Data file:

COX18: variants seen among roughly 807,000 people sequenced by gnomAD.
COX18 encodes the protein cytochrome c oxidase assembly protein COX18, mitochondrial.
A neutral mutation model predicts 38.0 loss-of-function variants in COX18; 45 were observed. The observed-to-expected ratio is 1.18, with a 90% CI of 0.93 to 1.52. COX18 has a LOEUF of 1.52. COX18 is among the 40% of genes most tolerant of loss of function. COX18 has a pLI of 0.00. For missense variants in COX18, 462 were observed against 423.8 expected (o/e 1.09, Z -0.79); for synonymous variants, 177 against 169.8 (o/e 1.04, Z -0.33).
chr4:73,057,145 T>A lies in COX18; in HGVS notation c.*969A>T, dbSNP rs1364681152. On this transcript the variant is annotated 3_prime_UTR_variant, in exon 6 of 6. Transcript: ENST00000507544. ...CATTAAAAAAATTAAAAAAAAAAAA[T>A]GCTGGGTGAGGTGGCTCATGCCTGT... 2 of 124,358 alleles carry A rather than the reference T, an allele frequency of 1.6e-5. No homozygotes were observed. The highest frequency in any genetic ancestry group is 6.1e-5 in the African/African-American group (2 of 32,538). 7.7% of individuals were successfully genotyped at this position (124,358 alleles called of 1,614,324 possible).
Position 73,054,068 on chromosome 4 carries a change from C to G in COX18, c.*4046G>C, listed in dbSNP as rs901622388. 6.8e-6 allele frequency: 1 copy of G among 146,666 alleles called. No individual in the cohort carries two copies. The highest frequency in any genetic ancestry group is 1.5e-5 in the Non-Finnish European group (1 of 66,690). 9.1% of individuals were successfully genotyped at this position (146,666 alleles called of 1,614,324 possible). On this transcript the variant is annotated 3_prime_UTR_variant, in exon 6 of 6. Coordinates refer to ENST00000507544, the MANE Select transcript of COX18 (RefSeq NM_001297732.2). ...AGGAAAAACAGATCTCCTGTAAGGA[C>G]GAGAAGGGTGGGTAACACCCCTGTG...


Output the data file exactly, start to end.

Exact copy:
COX18: variants seen among roughly 807,000 people sequenced by gnomAD.
COX18 encodes the protein cytochrome c oxidase assembly protein COX18, mitochondrial.
A neutral mutation model predicts 38.0 loss-of-function variants in COX18; 45 were observed. The observed-to-expected ratio is 1.18, with a 90% CI of 0.93 to 1.52. COX18 has a LOEUF of 1.52. COX18 is among the 40% of genes most tolerant of loss of function. COX18 has a pLI of 0.00. For missense variants in COX18, 462 were observed against 423.8 expected (o/e 1.09, Z -0.79); for synonymous variants, 177 against 169.8 (o/e 1.04, Z -0.33).
chr4:73,057,145 T>A lies in COX18; in HGVS notation c.*969A>T, dbSNP rs1364681152. On this transcript the variant is annotated 3_prime_UTR_variant, in exon 6 of 6. Transcript: ENST00000507544. ...CATTAAAAAAATTAAAAAAAAAAAA[T>A]GCTGGGTGAGGTGGCTCATGCCTGT... 2 of 124,358 alleles carry A rather than the reference T, an allele frequency of 1.6e-5. No homozygotes were observed. The highest frequency in any genetic ancestry group is 6.1e-5 in the African/African-American group (2 of 32,538). 7.7% of individuals were successfully genotyped at this position (124,358 alleles called of 1,614,324 possible).
Position 73,054,068 on chromosome 4 carries a change from C to G in COX18, c.*4046G>C, listed in dbSNP as rs901622388. 6.8e-6 allele frequency: 1 copy of G among 146,666 alleles called. No individual in the cohort carries two copies. The highest frequency in any genetic ancestry group is 1.5e-5 in the Non-Finnish European group (1 of 66,690). 9.1% of individuals were successfully genotyped at this position (146,666 alleles called of 1,614,324 possible). On this transcript the variant is annotated 3_prime_UTR_variant, in exon 6 of 6. Coordinates refer to ENST00000507544, the MANE Select transcript of COX18 (RefSeq NM_001297732.2). ...AGGAAAAACAGATCTCCTGTAAGGA[C>G]GAGAAGGGTGGGTAACACCCCTGTG...